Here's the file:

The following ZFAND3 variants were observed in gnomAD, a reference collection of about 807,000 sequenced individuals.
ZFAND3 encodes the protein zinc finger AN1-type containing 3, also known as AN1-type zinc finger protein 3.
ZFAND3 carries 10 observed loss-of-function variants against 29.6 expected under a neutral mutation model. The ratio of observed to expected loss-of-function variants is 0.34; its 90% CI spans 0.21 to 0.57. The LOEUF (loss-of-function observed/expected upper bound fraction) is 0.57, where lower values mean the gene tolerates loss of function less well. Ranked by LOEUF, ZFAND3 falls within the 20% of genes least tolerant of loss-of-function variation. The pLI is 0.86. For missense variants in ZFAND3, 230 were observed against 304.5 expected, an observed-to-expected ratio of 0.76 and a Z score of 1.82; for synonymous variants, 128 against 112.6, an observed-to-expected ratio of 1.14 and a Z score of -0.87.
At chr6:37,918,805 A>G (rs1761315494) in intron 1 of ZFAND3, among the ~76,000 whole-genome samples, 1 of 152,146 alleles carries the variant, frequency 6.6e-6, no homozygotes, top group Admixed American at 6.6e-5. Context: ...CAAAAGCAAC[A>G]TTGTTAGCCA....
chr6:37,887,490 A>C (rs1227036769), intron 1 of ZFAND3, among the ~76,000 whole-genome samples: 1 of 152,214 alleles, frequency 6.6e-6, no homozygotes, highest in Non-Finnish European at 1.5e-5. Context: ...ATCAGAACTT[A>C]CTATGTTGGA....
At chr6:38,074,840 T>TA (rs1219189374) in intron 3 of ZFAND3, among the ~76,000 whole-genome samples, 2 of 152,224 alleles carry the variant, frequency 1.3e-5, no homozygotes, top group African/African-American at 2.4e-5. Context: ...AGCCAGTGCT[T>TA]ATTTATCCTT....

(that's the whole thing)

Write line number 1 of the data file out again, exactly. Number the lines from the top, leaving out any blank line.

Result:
The following ZFAND3 variants were observed in gnomAD, a reference collection of about 807,000 sequenced individuals.